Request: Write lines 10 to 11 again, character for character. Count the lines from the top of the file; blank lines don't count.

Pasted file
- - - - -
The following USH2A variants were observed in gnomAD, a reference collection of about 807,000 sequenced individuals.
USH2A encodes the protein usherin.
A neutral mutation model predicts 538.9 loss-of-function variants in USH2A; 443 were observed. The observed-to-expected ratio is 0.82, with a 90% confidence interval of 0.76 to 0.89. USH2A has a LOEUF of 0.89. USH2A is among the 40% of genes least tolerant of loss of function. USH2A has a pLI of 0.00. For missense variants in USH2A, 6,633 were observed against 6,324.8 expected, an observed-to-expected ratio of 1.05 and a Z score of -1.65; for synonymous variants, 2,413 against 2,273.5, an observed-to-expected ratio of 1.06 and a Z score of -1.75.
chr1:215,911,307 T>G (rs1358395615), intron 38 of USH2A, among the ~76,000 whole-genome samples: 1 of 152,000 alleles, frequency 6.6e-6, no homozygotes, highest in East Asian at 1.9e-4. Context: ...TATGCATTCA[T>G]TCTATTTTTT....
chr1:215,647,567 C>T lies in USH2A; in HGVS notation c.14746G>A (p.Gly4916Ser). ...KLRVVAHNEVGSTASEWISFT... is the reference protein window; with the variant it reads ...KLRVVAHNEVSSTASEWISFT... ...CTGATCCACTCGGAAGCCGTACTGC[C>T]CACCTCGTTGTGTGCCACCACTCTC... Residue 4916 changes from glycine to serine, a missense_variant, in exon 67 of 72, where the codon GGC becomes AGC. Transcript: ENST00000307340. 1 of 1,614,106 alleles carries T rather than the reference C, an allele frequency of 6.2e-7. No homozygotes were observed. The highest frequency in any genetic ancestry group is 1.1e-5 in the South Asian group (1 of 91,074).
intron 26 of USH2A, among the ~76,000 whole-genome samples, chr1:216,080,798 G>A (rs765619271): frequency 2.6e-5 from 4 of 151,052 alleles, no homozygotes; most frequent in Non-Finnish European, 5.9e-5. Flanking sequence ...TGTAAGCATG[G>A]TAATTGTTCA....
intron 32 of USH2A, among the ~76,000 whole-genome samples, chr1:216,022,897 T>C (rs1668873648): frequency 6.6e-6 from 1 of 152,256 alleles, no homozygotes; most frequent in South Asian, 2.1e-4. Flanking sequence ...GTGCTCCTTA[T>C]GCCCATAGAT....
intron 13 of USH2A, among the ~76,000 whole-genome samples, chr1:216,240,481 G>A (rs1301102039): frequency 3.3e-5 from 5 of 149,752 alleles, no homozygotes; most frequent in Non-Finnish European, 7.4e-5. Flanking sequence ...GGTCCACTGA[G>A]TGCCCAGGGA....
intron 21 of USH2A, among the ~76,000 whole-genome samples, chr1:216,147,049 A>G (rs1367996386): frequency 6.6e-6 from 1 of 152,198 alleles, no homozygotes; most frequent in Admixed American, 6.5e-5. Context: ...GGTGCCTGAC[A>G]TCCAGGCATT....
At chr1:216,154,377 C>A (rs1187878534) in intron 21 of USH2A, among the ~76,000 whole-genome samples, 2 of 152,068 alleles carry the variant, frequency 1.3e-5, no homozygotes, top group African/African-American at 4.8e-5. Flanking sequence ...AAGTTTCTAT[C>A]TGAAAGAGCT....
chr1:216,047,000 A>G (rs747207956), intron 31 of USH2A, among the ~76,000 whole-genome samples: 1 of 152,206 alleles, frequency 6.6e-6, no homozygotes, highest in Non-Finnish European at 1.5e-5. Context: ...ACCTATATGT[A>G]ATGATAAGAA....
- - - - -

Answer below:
At chr1:216,154,377 C>A (rs1187878534) in intron 21 of USH2A, among the ~76,000 whole-genome samples, 2 of 152,068 alleles carry the variant, frequency 1.3e-5, no homozygotes, top group African/African-American at 4.8e-5. Flanking sequence ...AAGTTTCTAT[C>A]TGAAAGAGCT....
chr1:216,047,000 A>G (rs747207956), intron 31 of USH2A, among the ~76,000 whole-genome samples: 1 of 152,206 alleles, frequency 6.6e-6, no homozygotes, highest in Non-Finnish European at 1.5e-5. Context: ...ACCTATATGT[A>G]ATGATAAGAA....